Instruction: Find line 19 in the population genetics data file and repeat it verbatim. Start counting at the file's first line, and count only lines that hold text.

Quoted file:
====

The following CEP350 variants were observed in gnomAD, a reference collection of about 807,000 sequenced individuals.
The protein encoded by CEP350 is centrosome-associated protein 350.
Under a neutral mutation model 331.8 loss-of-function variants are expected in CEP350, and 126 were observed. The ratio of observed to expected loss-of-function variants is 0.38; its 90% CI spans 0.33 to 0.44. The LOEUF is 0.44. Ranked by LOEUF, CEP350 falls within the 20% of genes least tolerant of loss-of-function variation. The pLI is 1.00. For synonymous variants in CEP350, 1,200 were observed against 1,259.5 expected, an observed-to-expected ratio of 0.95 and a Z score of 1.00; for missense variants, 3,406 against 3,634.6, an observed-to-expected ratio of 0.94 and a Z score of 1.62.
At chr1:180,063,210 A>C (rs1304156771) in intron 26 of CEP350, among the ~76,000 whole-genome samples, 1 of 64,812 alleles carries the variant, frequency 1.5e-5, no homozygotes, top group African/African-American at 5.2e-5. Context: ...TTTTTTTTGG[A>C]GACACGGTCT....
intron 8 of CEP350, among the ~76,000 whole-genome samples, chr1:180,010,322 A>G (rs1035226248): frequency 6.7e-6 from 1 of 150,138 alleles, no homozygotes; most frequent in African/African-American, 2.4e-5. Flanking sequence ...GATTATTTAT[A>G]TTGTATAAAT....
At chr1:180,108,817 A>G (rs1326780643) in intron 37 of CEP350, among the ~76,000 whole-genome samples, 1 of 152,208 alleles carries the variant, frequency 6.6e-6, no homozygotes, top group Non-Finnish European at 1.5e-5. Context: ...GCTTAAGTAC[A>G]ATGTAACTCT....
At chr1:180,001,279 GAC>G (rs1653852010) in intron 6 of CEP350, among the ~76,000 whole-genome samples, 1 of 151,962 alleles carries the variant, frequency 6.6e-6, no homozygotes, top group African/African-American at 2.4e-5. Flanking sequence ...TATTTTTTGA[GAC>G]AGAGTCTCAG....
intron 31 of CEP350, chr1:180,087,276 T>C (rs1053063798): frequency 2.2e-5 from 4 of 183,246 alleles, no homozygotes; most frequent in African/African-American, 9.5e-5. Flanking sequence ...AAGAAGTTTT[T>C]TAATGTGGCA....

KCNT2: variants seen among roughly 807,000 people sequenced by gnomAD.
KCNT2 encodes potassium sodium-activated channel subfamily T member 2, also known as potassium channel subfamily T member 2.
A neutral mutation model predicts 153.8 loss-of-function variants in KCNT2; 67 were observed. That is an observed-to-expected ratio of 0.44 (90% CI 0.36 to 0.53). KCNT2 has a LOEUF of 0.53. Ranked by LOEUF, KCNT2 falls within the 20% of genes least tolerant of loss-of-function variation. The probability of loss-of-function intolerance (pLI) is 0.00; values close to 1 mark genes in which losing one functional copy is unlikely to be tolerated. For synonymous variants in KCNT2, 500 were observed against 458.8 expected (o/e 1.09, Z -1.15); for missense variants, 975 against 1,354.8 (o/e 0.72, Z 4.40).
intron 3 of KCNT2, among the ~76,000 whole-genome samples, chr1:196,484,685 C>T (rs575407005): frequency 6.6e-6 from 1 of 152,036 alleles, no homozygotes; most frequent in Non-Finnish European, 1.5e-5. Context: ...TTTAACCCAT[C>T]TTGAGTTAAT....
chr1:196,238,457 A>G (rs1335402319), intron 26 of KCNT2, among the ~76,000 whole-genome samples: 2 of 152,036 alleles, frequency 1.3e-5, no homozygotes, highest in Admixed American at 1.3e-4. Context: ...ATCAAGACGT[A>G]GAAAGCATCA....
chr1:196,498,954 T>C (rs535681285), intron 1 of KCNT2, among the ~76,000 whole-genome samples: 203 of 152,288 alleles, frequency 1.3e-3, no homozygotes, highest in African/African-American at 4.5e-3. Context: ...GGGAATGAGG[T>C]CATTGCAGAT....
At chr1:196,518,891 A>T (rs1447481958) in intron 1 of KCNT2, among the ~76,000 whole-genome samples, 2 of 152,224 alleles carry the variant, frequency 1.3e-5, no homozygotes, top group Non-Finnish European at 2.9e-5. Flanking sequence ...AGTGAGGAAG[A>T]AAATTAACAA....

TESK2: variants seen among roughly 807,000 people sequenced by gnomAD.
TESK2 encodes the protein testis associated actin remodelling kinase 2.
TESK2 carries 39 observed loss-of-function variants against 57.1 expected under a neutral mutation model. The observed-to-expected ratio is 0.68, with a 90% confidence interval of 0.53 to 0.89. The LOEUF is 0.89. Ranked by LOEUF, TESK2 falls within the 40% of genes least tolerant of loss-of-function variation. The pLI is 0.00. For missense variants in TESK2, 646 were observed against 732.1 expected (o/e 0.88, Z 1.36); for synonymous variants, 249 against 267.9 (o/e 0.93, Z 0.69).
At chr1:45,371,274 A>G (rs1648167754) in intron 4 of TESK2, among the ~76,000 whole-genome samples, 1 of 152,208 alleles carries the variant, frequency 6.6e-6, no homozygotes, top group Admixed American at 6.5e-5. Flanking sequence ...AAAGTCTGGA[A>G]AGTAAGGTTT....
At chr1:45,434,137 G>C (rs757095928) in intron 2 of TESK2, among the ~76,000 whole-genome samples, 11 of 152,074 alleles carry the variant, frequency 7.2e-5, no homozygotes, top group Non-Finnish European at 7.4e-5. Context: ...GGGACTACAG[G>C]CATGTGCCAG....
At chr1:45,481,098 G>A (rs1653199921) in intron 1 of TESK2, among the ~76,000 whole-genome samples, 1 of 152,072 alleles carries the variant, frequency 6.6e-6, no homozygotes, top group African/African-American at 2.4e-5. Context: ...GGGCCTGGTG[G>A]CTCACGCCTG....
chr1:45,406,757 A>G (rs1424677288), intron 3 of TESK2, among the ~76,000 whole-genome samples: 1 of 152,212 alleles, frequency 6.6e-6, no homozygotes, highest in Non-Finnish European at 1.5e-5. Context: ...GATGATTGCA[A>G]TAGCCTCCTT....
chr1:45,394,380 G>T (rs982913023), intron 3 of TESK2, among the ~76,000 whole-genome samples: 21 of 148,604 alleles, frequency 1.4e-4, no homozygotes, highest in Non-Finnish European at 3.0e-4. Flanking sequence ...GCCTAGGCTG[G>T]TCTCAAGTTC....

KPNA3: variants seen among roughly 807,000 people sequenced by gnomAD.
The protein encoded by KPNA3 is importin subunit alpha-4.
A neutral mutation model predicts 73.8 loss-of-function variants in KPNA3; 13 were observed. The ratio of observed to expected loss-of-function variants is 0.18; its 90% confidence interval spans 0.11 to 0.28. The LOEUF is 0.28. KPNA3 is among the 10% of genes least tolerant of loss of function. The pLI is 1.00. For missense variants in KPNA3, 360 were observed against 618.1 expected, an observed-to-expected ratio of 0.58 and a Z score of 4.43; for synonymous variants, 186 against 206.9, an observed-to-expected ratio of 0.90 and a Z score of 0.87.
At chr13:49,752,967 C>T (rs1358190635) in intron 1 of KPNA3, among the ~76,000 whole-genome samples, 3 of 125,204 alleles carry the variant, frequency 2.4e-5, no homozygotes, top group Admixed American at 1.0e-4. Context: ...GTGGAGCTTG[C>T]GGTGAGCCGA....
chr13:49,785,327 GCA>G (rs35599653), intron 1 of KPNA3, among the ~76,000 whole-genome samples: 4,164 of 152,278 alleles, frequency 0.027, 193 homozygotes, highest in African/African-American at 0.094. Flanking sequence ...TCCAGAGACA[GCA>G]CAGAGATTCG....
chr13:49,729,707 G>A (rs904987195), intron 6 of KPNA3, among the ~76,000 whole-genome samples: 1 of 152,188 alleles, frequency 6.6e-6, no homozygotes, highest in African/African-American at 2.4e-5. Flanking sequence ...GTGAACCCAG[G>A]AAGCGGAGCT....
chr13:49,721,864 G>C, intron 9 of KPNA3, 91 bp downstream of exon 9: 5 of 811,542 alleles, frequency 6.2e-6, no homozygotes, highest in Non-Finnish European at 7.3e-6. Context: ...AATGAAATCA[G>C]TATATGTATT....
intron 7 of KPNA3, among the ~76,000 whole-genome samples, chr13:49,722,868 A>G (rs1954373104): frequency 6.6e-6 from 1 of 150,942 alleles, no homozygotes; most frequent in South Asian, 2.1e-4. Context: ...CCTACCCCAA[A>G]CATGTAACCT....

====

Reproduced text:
At chr1:45,371,274 A>G (rs1648167754) in intron 4 of TESK2, among the ~76,000 whole-genome samples, 1 of 152,208 alleles carries the variant, frequency 6.6e-6, no homozygotes, top group Admixed American at 6.5e-5. Flanking sequence ...AAAGTCTGGA[A>G]AGTAAGGTTT....